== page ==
# Homogeneous Fredholm equation of the second kind

• Jul 9th 2010, 08:22 AM
yiorgos
Homogeneous Fredholm equation of the second kind
Hi,
during the analysis of a problem in my phd thesis
I have resulted in the following equation.

$\varphi(x)= \int_a^b K(x,t)\varphi(t)dt$

which is clearly a homogeneous Fredholm equation of the second kind

The problem is that I can't find in any text any way of solving it.
Solutions are provided only for special cases like when the kernel K
is symmetric

$K(x,t)=K(x,t)$
or when it is separable which are both not my case.

The particular form of the equation I am dealing with is
$\varphi(x)= \int_a^b \Lambda(x,t)g(x)\varphi(t)dt$

where $\Lambda(x,t)$ is symmetric and depends only in the difference x-t, $\Lambda(x,t)=\Lambda(x-t)$ , and g(x) a known function involving logarithm.

Any ideas of how to deal with this kind of form?
Thank you in advance
• Jul 12th 2010, 05:39 PM
Jose27
I don't really know about integral equations, but it is an easy consequence of Banach's fixed point theorem that if $1> \| K \| _{\infty} (b-a)$ then your equation only has $\varphi (x)=0$ as solution. In general the eigenvalue problem $\lambda \varphi (x) = \int_a^b K(x,t)\varphi (t)dt$ has only the trivial solution if $|\lambda | > \| K\| _{\infty} (b-a)$ where $K: [a,b]\times [a,b] \rightarrow \mathbb{R}$ is continous and we consider the mapping $F(f)(x)= \int_a^b K(x,t)f(t)dt$ from $C[a,b]$ to itself.
• Jul 12th 2010, 08:55 PM
Jose27
Hey, I've been thinking about this problem and here's some things that I came up with: We can consider the same operator $F$, only this time defined in other spaces.

1.- $F: L^1[a,b] \rightarrow L^1[a,b]$ and $g\in L^1[a,b] \cap L^{\infty} [a,b]$ and we then have (noting that $K(x,t)=K(x-t)$) $\| F(\varphi ) \| _1 \leq \| g\| _{\infty } \|K\| _{1 } \| \varphi \| _1$ and so if $\| g\| _{\infty } \|K\| _{1 } \leq \alpha \in (0,1)$ we get only the trivial solution. What I did here was note that $\int_a^b K(x,t)\varphi (t)dt$ is just a convolution, and use said operation's properties.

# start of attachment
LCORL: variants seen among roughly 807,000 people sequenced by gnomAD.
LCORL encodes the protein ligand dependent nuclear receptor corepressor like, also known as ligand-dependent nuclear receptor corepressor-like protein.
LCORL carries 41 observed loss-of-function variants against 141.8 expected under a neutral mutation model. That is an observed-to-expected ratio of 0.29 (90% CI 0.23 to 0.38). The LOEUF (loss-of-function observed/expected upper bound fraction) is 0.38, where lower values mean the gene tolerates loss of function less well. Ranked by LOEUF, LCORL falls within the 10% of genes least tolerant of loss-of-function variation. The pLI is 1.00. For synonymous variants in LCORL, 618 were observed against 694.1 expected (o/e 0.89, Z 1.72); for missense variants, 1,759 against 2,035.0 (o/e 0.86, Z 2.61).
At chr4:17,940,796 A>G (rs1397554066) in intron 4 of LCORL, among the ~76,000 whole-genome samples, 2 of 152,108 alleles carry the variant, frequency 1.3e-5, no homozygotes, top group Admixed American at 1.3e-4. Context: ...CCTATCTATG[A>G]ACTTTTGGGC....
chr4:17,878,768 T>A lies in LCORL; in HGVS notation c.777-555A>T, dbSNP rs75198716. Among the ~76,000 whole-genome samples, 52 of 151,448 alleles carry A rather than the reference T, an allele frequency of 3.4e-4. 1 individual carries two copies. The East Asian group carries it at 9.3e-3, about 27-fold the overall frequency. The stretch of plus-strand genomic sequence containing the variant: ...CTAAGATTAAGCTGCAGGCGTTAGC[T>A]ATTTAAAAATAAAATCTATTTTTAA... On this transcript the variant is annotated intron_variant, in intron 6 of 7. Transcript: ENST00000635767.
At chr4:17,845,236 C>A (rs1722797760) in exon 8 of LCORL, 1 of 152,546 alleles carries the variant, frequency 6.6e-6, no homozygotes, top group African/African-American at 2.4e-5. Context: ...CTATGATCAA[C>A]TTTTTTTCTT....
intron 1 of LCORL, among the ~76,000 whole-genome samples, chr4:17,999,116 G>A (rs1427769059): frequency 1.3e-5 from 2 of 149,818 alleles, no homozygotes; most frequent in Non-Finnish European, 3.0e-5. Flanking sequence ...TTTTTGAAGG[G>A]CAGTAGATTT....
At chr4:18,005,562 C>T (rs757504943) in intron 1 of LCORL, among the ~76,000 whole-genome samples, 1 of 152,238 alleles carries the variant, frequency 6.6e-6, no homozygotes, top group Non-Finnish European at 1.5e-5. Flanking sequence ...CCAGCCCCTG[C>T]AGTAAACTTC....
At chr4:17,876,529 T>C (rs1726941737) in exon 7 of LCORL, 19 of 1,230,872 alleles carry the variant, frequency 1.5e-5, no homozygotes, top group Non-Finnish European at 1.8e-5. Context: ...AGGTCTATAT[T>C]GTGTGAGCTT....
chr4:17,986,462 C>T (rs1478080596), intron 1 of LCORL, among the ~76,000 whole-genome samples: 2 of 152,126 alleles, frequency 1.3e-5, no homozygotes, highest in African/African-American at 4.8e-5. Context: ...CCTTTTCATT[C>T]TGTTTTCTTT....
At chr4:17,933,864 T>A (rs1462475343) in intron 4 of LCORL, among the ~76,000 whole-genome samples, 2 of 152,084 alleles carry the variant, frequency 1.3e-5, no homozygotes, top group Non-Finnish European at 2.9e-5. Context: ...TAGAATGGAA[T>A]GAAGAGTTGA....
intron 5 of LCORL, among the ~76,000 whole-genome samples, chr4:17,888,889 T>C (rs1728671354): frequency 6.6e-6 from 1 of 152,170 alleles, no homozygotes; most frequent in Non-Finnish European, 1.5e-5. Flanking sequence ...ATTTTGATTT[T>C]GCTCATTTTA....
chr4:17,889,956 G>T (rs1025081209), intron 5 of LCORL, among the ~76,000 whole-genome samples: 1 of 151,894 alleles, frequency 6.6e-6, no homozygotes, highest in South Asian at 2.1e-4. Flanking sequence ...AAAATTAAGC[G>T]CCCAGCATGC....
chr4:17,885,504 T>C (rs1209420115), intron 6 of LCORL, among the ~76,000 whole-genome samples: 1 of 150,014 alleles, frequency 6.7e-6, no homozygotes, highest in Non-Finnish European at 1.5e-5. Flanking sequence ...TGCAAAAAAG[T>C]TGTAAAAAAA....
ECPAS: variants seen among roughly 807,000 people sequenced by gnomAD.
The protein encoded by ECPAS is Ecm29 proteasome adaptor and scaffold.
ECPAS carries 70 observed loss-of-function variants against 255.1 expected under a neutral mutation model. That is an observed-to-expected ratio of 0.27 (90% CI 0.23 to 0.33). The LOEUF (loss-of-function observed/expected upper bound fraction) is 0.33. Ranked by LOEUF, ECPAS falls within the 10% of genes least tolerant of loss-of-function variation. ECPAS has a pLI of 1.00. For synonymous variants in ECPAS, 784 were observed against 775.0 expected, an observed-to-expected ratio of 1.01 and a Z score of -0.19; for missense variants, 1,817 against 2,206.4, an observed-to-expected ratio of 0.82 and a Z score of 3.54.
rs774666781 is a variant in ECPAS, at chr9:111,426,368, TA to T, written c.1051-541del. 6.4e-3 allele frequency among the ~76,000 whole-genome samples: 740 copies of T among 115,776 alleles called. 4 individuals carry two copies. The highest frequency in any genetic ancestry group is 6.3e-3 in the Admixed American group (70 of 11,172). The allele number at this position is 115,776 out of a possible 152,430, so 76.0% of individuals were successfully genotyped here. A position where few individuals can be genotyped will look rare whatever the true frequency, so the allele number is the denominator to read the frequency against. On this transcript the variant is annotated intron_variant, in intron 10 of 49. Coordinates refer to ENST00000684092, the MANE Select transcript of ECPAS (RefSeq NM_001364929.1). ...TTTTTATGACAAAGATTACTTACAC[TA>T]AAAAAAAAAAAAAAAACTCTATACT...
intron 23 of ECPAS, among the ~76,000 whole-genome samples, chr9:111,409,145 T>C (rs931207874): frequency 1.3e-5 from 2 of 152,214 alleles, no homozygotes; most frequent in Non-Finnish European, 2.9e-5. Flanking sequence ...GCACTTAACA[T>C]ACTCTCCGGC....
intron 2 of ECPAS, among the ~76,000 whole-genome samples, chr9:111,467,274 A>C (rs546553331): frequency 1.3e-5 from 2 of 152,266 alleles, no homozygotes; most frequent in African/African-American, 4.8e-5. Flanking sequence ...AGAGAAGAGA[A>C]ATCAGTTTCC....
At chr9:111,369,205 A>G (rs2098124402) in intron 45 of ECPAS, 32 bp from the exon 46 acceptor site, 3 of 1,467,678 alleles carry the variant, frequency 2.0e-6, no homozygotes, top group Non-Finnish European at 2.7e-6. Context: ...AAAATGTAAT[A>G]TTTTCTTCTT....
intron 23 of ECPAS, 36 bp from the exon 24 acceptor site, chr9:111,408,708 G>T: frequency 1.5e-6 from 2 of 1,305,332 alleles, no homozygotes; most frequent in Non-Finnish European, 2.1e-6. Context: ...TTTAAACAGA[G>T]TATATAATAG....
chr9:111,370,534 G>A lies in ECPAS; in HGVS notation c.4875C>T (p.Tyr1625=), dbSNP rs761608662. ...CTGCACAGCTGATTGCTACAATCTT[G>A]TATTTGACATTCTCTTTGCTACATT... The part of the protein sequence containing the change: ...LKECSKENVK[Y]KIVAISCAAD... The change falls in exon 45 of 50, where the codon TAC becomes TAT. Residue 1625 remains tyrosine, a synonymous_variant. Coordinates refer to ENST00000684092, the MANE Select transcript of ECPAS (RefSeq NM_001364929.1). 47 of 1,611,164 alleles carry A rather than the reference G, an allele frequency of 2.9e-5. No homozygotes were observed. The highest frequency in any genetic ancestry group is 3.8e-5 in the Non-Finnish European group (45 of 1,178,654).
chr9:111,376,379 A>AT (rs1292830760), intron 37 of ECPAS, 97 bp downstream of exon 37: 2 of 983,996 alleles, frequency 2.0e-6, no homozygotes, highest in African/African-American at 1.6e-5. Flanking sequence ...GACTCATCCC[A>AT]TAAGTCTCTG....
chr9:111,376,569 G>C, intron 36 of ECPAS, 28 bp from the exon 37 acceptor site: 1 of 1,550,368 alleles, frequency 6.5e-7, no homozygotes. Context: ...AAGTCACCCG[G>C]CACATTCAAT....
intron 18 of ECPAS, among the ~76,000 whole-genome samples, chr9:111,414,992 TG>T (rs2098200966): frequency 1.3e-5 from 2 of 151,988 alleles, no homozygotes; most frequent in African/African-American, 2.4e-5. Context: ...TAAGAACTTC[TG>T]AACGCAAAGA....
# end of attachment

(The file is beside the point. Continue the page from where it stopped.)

2.- $F:L^2[a,b] \rightarrow L^2[a,b]$ and $K \in L^1 \left( [a,b]\times [a,b] \right) \cap L^{\infty } \left( [a,b] \times [a,b] \right)$ we have then $\| F(\varphi ) \| _2 \leq c\| \varphi \| _2 \| \overline{K} g \| _2$ where $\overline{K} (x)= \mbox{ess} \sup_t \ K(x,t)$. This one's a little harder to get (I'm still not sure I have all the calculations right) and uses Jensen's inequality (if you want the details just ask).

If the equation does (or should) have a non-trivial solution well...
• Jul 13th 2010, 08:07 AM
yiorgos
I think that the trivial solution always exists as a consequence of the Fredholm theory.

Anyway, the trivial solution is definitely not what I am looking for.
The φ(x) function corresponds to a physical quantity in my problem
and it should not be zero.

In fact I expect a family of solutions depending on some parameter.
• Jul 13th 2010, 08:15 AM
Jose27
Quote:

Originally Posted by yiorgos
I think that the trivial solution always exists as a consequence of the Fredholm theory.

Anyway, the trivial solution is definitely not what I am looking for.
The φ(x) function corresponds to a physical quantity in my problem
and it should not be zero.

In fact I expect a family of solutions depending on some parameter.

Well, the trivial solution exists simply because F is a linear operator.

If you want a non-trivial solution first check that none of the above inequalities hold, and maybe if K is smooth (or $C^1$) you could differentiate the equation to get some sort of differential equation for $\varphi$. If all else fails maybe a qualitative approach suffices for you.